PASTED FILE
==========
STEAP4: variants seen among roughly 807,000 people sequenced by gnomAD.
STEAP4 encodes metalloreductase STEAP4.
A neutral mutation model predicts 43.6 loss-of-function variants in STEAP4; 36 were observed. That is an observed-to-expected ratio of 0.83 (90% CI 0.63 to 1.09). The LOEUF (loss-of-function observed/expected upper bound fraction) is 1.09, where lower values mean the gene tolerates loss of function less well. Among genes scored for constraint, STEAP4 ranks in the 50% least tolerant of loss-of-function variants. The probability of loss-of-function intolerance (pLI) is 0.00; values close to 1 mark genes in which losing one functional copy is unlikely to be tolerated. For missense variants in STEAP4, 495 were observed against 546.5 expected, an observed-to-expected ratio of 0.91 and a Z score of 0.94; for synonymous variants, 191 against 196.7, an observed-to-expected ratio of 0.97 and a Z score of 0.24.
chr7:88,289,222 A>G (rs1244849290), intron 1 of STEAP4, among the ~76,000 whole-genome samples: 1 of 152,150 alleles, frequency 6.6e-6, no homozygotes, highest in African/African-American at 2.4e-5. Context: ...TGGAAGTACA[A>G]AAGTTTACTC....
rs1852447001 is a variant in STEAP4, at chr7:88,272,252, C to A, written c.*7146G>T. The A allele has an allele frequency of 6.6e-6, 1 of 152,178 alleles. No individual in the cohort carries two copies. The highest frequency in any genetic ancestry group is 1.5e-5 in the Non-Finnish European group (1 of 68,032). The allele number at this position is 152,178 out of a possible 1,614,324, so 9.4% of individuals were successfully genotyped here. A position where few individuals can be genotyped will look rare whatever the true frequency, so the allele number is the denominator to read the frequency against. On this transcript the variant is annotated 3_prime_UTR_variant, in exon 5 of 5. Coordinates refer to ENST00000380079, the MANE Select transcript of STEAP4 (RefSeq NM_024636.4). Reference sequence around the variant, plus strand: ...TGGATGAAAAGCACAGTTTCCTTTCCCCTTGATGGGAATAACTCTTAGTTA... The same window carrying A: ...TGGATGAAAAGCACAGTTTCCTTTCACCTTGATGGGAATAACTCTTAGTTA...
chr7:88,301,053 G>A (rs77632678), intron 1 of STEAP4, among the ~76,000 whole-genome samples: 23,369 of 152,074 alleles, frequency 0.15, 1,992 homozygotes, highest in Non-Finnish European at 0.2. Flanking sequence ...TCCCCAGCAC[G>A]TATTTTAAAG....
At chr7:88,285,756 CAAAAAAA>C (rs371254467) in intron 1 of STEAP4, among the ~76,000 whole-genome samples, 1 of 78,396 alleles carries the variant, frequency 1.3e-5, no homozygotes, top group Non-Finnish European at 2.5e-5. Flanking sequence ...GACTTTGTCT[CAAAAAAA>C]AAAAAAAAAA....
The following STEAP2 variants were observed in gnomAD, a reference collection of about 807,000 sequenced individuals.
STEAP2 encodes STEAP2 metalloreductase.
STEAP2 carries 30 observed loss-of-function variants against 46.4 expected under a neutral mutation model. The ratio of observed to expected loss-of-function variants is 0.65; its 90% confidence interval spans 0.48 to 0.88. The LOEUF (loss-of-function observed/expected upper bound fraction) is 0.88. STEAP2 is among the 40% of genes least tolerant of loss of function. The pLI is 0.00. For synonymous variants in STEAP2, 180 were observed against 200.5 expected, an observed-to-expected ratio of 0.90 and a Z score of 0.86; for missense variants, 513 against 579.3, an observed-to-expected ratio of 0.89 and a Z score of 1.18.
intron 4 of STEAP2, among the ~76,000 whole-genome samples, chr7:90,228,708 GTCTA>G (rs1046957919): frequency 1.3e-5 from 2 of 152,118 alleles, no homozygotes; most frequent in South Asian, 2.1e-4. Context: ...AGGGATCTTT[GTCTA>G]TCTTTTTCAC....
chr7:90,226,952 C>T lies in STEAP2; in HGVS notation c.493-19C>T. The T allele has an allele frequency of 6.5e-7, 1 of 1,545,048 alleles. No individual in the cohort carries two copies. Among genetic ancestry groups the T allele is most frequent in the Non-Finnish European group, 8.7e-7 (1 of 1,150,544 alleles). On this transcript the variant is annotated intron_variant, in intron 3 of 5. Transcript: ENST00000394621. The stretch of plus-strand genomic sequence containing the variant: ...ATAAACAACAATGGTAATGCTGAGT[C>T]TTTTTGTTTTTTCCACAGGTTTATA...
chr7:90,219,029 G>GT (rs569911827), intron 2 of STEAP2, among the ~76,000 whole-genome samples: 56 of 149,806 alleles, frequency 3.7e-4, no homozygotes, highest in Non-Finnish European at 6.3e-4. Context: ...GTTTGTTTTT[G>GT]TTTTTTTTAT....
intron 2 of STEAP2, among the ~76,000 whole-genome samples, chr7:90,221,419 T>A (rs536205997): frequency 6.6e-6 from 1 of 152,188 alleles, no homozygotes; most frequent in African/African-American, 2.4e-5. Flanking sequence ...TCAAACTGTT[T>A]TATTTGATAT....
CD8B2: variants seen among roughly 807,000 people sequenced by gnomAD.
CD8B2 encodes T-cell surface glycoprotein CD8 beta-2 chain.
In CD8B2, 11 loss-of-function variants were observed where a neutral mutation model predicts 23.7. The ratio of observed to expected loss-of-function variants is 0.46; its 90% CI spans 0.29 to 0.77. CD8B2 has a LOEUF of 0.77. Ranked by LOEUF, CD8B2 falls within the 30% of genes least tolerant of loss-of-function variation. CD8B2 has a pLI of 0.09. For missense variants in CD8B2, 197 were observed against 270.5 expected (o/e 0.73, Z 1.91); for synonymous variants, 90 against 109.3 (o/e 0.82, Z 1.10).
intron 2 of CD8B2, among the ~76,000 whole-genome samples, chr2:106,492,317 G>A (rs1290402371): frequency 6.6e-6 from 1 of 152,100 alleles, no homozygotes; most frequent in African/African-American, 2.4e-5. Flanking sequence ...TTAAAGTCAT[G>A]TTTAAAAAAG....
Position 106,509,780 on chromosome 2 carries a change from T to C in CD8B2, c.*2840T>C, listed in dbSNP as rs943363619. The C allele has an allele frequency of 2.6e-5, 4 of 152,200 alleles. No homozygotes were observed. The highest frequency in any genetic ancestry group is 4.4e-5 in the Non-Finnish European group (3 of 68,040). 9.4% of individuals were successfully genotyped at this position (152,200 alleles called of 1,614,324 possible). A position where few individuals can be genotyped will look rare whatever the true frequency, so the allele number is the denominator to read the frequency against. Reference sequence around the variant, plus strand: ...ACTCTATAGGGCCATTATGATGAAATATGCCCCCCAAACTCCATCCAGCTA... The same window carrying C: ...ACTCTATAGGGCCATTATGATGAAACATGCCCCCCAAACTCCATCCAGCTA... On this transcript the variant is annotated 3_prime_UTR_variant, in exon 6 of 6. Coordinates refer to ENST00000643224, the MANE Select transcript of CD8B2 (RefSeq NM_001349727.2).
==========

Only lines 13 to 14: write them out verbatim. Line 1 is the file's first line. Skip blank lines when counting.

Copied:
chr7:90,219,029 G>GT (rs569911827), intron 2 of STEAP2, among the ~76,000 whole-genome samples: 56 of 149,806 alleles, frequency 3.7e-4, no homozygotes, highest in Non-Finnish European at 6.3e-4. Context: ...GTTTGTTTTT[G>GT]TTTTTTTTAT....
intron 2 of STEAP2, among the ~76,000 whole-genome samples, chr7:90,221,419 T>A (rs536205997): frequency 6.6e-6 from 1 of 152,188 alleles, no homozygotes; most frequent in African/African-American, 2.4e-5. Flanking sequence ...TCAAACTGTT[T>A]TATTTGATAT....